John Keats: A Literary Biography, Page 77|
by Albert Elmer Hancock (1908).
On the tenth of December the hemorrhages broke again. He lost blood by cupfuls. The attack was followed by fierce fever and more hemorrhages. The succeeding weeks are only a prolonged distress—without hope. Financial straits harass the two expatriates. Severn is nurse, cook, and servant, day and night, week after week. The doctor comes four and five times daily. The patient's food is reduced to one anchovy, a morsel of bread or a pint of milk. There is a slight rally in January and a walk on the Pincio—the flutter of the lamp before the darkness. Again the hemorrhages and the copious losses of blood. Keats yearns for music. A piano is brought in and Severn plays the symphonies of Haydn, while the doomed one fingers continually his precious love token—that white oval carnelian. "Touch," he once said, thinking of her, "has a memory."
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His mind is lucid. He feels bitterly the burden and the strain on his friend. For his sake he wishes death to come speedily. Sometimes there are outbursts of petulance at Severn's patient and uncomplaining devotion. The nerves are riotous. He begs for forgiveness. Then comes a period of great calmness. The nerves are exhausted, impotent. "He remains quiet and submissive under his heavy fate," records the nurse. Keats repeats to him that thought of infinite regret which he had expressed so finely months before: "If I should die, I have left no immortal work behind me—nothing to make my friends proud of my memory, but I have lov'd the principle of Beauty in all things, and if I had had time, I would have made myself remembered." It was during this period of "great quietness and peace," on the fourteenth of February, that the dying man, whose humility had always been conspicuous in his self-estimate, believing he was leaving only a few fragments, and these of no repute, asked that his name should not be put upon his tomb. He requested the simple epitaph,—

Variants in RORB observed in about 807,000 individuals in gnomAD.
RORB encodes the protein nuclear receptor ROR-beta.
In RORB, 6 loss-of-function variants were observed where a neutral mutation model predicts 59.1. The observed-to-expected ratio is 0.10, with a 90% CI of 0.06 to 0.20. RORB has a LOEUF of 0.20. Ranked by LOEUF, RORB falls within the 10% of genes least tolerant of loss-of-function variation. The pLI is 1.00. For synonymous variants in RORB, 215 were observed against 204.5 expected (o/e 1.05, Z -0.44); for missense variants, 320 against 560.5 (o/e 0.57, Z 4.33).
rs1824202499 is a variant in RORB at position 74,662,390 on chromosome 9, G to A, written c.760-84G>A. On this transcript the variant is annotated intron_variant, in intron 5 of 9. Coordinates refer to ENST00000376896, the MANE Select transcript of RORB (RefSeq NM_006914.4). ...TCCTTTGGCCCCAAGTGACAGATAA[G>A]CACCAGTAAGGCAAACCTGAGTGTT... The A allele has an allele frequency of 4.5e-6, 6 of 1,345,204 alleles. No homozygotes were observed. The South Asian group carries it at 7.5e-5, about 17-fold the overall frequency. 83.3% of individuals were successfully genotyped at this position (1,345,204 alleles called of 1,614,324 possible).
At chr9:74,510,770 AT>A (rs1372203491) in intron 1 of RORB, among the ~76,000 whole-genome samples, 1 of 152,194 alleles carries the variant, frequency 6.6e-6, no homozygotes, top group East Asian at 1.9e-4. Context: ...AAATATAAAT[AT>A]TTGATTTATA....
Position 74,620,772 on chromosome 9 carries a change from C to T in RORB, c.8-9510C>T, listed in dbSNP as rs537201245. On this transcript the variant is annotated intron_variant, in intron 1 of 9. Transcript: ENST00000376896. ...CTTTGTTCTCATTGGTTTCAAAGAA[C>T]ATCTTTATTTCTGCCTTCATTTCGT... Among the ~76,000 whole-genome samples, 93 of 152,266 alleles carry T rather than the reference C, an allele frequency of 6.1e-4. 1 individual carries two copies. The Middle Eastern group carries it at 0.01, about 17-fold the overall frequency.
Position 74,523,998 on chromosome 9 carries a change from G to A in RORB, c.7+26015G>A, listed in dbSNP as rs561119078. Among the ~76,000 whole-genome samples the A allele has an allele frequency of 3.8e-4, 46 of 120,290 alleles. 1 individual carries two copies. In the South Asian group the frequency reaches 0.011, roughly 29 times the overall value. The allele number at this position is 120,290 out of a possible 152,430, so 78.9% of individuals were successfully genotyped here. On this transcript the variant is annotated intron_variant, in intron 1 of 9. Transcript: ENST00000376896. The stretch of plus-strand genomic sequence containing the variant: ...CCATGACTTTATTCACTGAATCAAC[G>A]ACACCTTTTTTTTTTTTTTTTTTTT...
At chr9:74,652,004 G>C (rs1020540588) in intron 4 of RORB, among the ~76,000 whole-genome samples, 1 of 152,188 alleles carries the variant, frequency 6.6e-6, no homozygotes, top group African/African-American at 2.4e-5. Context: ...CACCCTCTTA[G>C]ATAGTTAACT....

Here lies one whose name was writ in water,—
a wish which attests the great divide, in his own mind, between his paltry performance and his ambitious designs. Long before he had declared, "I had rather fail than not be among the greatest."
Toward the close he lost all desire of recovery. Already in spirit he had passed beyond the bourne, and he thought of the grave as a rest upon which he would gladly enter. Severn's visit to the cemetery and the account of the profusion of violets there brought him deep joy. He gave the last instructions. A letter from his betrothed, unopened, was to be wrapped in the winding sheet above his heart. Then the inaudible bell began to toll softly. "Poor Keats has me ever by him and shadows out the form of one solitary friend; he opens his eyes in great doubt and horror, but when they fall on me, they close gently, open quietly and close again till he sinks to sleep."
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